As agile practitioners, we are well aware that we need to delegate decision-making and responsibility to members of the team, but it's often easier in principle than it is in practice. Frequently, delegating triggers some angst in most of us, usually revolving around our biggest fear: "What if they fail miserably?"

Fortunately, there are better questions to ask before we delegate, including:

  • How can I determine whether the person is capable of handling the responsibility delegated?
  • If they're not ready, how do I help them to acquire that ability?

In this combination tutorial and workshop, we'll answer both these questions so you can be more successful when you delegate. We'll also give you an opportunity to apply your newly acquired knowledge via in-class simulation and provide information to help you coach others in effective delegation.

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Outline/Structure of the Workshop

  1. Why Delegation is so Difficult - and Why it's Important (5 minutes)
  2. Gauging Ability - A Simple Guide (5 minutes)
  3. Practical Delegation Described (8 minutes)
  4. Let's do it! A Delegation Exercise (20 minutes)
  5. Sharing & Recap (7 minutes)

Learning Outcome

When the finished, the attendee will...

  1. Be able to gauge a person's level of ability to complete delegated work
  2. Apply a simple, effective strategy for successful knowledge transfer and delegation.

Target Audience

Anyone working in an agile environment (all roles)

Prerequisites for Attendees

Participants do not need to have any agile experience.

schedule Submitted 10 months ago

Public Feedback

comment Suggest improvements to the Speaker
  • George Dinwiddie
    By George Dinwiddie  ~  10 months ago
    reply Reply


    I like these aspects of the submission, and they should be retained:

    • Helping managers delegate to teams

    I think the submission could be improved by:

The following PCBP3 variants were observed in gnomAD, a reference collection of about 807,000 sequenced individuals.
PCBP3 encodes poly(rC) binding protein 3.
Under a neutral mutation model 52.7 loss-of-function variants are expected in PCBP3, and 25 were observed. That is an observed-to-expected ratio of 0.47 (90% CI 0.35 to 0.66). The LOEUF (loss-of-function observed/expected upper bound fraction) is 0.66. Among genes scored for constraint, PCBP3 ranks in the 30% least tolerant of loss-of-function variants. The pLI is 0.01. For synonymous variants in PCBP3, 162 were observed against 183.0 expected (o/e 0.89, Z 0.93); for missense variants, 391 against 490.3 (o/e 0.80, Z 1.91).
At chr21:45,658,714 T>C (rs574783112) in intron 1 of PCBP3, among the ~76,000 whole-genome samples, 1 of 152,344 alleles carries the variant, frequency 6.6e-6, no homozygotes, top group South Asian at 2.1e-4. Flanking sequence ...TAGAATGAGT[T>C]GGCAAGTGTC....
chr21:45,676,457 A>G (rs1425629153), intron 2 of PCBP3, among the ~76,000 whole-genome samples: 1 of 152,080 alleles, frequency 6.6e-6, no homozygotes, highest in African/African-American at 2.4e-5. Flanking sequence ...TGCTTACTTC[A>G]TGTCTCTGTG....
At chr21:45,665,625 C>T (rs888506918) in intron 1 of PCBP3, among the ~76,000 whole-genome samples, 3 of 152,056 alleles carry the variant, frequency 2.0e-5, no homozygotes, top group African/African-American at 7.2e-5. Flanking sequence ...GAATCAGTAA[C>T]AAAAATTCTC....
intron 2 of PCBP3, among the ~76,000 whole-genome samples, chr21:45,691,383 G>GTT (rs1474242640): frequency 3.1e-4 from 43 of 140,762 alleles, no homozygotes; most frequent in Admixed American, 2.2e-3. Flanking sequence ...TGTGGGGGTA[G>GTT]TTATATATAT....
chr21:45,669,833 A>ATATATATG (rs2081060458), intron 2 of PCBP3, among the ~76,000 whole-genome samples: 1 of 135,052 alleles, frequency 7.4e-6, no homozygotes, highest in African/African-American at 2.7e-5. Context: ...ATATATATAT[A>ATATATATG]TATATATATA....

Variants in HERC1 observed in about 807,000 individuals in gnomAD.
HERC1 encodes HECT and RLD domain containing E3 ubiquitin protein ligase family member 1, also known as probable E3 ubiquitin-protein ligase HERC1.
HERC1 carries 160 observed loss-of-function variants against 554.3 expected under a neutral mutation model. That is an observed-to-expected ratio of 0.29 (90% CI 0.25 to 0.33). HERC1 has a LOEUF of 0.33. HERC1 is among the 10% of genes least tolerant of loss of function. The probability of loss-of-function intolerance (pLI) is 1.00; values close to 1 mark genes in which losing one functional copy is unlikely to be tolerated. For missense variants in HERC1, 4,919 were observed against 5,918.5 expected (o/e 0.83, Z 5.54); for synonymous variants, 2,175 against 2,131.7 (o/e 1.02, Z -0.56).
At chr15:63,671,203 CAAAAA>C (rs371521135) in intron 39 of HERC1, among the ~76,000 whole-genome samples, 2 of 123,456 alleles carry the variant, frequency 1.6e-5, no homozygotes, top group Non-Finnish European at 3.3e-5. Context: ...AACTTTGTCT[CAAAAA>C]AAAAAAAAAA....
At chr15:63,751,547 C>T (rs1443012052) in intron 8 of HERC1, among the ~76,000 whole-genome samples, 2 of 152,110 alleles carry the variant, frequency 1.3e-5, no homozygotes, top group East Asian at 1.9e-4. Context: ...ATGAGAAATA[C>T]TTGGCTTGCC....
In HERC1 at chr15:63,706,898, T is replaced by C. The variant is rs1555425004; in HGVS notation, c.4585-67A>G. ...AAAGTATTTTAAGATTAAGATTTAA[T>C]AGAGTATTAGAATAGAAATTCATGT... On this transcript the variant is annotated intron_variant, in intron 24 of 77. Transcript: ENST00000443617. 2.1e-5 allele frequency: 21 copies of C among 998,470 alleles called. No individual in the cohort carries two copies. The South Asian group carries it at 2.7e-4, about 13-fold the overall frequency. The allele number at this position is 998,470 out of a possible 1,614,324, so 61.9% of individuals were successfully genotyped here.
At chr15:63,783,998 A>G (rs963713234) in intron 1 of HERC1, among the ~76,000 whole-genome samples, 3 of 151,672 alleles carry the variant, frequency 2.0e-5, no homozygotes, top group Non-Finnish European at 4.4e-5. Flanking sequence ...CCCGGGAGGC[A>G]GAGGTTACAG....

• being clearer on who it's for
      • If it's about delegating to the teams, it's presumably someone higher ranking, though the submission says it's for "all roles." The abstract is vague about the target audience, and therefore might not attract the right people.
    • accommodating delegating to the team as a whole. This seems to be only about delegating to individuals, which can break the teamwork.
    • being clearer about the content
      • The content is represented by 5 bullets which say more about how you'll present than what you'll present. What is the guide? What is the description? What is the exercise?

    The abstract is the place where you sell your session to the right prospective attendees. Help them recognize themselves and their situation, and tell them what benefits they'll get by attending. Give them enough information about the content to convince them that they'll get that benefit.

    The outline/structure is the place where you sell your session to the reviewers. Help them recognize that you'll deliver on your abstract. Give them details about the content and the way that you'll present it to convince them that you'll do a good job.

    See also for an independent description of submitting a successful proposal.

    - George, AgileDC Program Chair

    • Donald Patti
      By Donald Patti  ~  10 months ago
      reply Reply

      Thank you, this is good feedback. I am working on revisions and will post another comment once I have updated.

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